Braam MalherbeKey in his Cubbing and Scouting experience were the adults who volunteered their time to guide him. “A solid programme and good Akela’s and Troop Scouters are the determining factors in making Cub Packs and Scout Troops successful.” he states firmly.” The adult leaders provide children with real life role models that they can meet, talk to and learn from. It’s ok to like a rugby or cricket player on TV, but their influence on the lives of children in minimal in comparison to people you interact with regularly. My leader was Robbie Meeks, he is the person who helped me get my knotting badge but also inspired me to follow my dreams. The Meeks family is passionate about sailing. Their passion for what they love rubbed off on me and now I have made a career of doing what I am passionate about.”

“Another important thing I remember is the fact that Scouting teaches you values, morals and how to respect people and the world we live in. Being exposed to the Scouting values has absolutely influenced me to be the person I am today and to see everybody as equals. Scouting brings together people from different backgrounds and makes them all work as a team. You can have a child from a prominent private school and one from a township school and they will both work together when they get over obstacles or go on a hike. I also remember the “Bob a Job” very well. We used to knock on doors and ask if we could do a small job like cut grass or wash a car and earn some pocket money. Obviously in today’s society this would be too dangerous but nevertheless I learnt that you get nothing for nothing and it planted the seed for my current work ethic. What is so pervasive in our modern day society is the habit of assigning blame and exerting a strong sense of entitlement. We should rather say what can I give instead of only what can I get. There is really a lot to be said about the foundations that Cubbing and Scouting lays” says Braam pensively.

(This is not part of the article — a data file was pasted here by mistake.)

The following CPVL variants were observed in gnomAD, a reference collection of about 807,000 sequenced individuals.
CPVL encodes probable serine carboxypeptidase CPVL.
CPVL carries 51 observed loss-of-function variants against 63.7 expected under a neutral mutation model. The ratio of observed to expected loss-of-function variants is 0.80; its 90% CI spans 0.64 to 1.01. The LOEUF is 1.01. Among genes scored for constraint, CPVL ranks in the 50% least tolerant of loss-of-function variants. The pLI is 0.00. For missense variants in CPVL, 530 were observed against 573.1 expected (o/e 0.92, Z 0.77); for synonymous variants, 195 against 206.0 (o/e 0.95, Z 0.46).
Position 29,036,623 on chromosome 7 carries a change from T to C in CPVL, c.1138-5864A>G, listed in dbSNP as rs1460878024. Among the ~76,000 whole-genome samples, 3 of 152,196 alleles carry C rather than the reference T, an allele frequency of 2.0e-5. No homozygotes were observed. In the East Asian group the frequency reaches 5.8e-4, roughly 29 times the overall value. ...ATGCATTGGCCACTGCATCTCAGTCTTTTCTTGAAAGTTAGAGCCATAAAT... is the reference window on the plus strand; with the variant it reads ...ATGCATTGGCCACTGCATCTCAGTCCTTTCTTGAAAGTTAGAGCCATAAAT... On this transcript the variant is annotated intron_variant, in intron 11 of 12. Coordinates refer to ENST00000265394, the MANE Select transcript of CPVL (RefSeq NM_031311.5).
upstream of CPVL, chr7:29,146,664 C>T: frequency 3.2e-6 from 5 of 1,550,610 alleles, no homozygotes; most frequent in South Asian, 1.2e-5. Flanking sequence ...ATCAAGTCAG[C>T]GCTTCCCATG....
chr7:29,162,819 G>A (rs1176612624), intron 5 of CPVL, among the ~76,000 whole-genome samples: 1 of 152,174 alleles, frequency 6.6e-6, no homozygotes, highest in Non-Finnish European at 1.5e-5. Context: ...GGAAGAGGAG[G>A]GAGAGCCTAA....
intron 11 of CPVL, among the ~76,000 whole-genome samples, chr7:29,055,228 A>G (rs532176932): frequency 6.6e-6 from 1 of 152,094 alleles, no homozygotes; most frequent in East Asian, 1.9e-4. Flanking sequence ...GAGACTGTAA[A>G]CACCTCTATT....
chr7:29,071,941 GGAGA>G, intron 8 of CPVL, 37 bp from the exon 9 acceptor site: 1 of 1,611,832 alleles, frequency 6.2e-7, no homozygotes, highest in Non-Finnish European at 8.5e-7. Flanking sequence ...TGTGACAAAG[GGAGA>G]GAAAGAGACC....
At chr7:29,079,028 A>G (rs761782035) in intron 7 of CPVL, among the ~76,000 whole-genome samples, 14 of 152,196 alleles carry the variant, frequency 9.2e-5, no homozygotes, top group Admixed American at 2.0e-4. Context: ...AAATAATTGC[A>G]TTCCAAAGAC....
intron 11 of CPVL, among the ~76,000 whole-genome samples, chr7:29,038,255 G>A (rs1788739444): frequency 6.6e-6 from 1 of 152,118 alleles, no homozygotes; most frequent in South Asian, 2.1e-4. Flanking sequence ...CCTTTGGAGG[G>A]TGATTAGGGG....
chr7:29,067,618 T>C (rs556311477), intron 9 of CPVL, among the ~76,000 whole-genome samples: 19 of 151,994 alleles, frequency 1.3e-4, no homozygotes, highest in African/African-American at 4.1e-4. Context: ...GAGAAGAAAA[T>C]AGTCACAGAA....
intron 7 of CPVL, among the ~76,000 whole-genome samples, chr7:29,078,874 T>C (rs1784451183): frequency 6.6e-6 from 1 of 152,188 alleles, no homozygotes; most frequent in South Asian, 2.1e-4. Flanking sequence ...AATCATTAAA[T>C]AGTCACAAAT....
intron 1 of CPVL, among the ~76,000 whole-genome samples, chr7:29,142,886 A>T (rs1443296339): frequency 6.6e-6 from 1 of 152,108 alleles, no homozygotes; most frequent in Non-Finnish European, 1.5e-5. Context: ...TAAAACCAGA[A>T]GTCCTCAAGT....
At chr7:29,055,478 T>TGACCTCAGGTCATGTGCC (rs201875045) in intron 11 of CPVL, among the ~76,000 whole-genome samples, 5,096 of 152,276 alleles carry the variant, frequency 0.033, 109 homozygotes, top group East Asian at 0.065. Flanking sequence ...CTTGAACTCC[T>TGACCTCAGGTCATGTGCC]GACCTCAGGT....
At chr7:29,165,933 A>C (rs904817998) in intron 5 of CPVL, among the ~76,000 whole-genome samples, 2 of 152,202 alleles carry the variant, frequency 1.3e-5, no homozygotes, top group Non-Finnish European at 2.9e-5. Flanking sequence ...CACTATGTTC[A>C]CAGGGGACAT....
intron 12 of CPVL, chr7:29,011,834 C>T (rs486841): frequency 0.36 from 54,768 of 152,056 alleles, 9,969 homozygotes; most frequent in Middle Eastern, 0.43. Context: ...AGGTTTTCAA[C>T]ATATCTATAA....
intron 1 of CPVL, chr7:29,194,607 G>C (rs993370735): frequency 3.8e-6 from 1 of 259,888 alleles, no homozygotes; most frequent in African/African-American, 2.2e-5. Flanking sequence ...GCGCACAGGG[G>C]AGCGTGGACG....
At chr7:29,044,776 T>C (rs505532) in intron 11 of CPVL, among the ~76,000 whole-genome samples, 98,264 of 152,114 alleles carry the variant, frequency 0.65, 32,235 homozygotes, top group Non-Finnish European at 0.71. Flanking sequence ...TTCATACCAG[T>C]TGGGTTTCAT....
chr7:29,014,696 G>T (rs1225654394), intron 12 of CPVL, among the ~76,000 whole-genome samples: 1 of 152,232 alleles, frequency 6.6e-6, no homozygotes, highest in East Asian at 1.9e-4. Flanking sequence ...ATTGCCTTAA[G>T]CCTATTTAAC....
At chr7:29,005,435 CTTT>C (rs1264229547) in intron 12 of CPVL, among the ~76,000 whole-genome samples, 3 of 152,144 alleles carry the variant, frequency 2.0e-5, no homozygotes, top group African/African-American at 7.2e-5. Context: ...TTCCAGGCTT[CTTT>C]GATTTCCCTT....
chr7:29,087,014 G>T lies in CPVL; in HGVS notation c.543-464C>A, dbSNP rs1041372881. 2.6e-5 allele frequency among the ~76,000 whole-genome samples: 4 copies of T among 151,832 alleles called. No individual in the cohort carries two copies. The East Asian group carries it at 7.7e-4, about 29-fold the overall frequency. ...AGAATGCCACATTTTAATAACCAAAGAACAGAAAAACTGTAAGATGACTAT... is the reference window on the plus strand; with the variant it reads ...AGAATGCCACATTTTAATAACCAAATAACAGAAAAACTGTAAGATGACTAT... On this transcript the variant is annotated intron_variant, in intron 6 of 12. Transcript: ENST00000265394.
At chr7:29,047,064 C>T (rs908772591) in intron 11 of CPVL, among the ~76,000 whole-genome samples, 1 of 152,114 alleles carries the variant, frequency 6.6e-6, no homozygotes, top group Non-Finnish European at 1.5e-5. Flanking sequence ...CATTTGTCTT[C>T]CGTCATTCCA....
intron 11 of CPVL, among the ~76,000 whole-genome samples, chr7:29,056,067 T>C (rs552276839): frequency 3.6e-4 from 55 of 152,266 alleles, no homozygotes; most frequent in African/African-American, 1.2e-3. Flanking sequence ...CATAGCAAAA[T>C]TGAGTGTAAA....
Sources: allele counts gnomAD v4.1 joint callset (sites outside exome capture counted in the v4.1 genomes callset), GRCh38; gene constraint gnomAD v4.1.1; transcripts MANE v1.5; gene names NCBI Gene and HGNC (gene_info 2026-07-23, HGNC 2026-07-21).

“When it comes to personal growth Cubbing is absolutely a confidence booster. Firstly, you are part of a team and don’t want to let your team down. As everybody is seen as an asset and work together a lot is achieved. Secondly, if there is a strong team leader who encourages his team and takes them into nature then the children will grow and thrive. Most kids today have lost their connection with the earth”, says Braam. “Parents send them to the mall for entertainment and underestimate the power of the wilderness, of nature. Being outdoors is not only physically healthy but it’s also an emotional and spiritual healer.”

When talking about his accomplishments such as conquering the Great Wall of China or skiing right up to the South Pole, he ponders and says, “I wonder if I would have succeeded if I had not learnt to face my fears and be alone in the Scouting Movement.”  Braam champions a cause called “Do One Thing”. Cubs can join in this cause by doing one thing that will make a difference on the environment such as putting a brick in the toilet tank, making ethical choices in what they eat, close the tap when they brush their teeth, take a shower instead of bathing, etc…

We asked 100 Cubs what the weirdest thing is that they have eaten whilst on a camp. Braam laughs, takes a while to think about this and replies “that would be grasshoppers and scorpions. Venom is a protein so once it has been fried or cooked it gets deactivated!”